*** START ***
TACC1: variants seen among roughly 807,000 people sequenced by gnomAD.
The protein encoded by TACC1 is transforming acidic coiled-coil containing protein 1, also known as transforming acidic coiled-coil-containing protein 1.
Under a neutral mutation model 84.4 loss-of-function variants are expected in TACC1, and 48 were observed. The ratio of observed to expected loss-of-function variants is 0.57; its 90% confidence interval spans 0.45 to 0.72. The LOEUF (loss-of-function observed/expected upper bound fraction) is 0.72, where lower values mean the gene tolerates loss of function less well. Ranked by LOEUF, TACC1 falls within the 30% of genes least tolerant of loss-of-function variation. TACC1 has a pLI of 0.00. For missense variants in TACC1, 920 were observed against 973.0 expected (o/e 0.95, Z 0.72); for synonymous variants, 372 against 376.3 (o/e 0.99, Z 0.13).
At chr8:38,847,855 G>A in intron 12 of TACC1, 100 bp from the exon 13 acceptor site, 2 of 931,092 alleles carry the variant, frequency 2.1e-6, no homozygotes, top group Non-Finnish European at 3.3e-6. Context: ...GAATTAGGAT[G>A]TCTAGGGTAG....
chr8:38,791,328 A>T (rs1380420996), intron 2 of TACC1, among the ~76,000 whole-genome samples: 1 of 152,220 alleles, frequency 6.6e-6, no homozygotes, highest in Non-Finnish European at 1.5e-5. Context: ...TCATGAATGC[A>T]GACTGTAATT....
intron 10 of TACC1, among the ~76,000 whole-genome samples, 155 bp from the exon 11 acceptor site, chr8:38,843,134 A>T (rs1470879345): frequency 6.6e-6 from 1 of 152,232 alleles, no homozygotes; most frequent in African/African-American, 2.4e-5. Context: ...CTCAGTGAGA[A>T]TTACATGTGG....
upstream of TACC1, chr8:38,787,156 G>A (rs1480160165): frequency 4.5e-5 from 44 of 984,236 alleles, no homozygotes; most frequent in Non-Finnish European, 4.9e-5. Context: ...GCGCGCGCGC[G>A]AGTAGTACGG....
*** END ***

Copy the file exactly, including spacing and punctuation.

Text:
TACC1: variants seen among roughly 807,000 people sequenced by gnomAD.
The protein encoded by TACC1 is transforming acidic coiled-coil containing protein 1, also known as transforming acidic coiled-coil-containing protein 1.
Under a neutral mutation model 84.4 loss-of-function variants are expected in TACC1, and 48 were observed. The ratio of observed to expected loss-of-function variants is 0.57; its 90% confidence interval spans 0.45 to 0.72. The LOEUF (loss-of-function observed/expected upper bound fraction) is 0.72, where lower values mean the gene tolerates loss of function less well. Ranked by LOEUF, TACC1 falls within the 30% of genes least tolerant of loss-of-function variation. TACC1 has a pLI of 0.00. For missense variants in TACC1, 920 were observed against 973.0 expected (o/e 0.95, Z 0.72); for synonymous variants, 372 against 376.3 (o/e 0.99, Z 0.13).
At chr8:38,847,855 G>A in intron 12 of TACC1, 100 bp from the exon 13 acceptor site, 2 of 931,092 alleles carry the variant, frequency 2.1e-6, no homozygotes, top group Non-Finnish European at 3.3e-6. Context: ...GAATTAGGAT[G>A]TCTAGGGTAG....
chr8:38,791,328 A>T (rs1380420996), intron 2 of TACC1, among the ~76,000 whole-genome samples: 1 of 152,220 alleles, frequency 6.6e-6, no homozygotes, highest in Non-Finnish European at 1.5e-5. Context: ...TCATGAATGC[A>T]GACTGTAATT....
intron 10 of TACC1, among the ~76,000 whole-genome samples, 155 bp from the exon 11 acceptor site, chr8:38,843,134 A>T (rs1470879345): frequency 6.6e-6 from 1 of 152,232 alleles, no homozygotes; most frequent in African/African-American, 2.4e-5. Context: ...CTCAGTGAGA[A>T]TTACATGTGG....
upstream of TACC1, chr8:38,787,156 G>A (rs1480160165): frequency 4.5e-5 from 44 of 984,236 alleles, no homozygotes; most frequent in Non-Finnish European, 4.9e-5. Context: ...GCGCGCGCGC[G>A]AGTAGTACGG....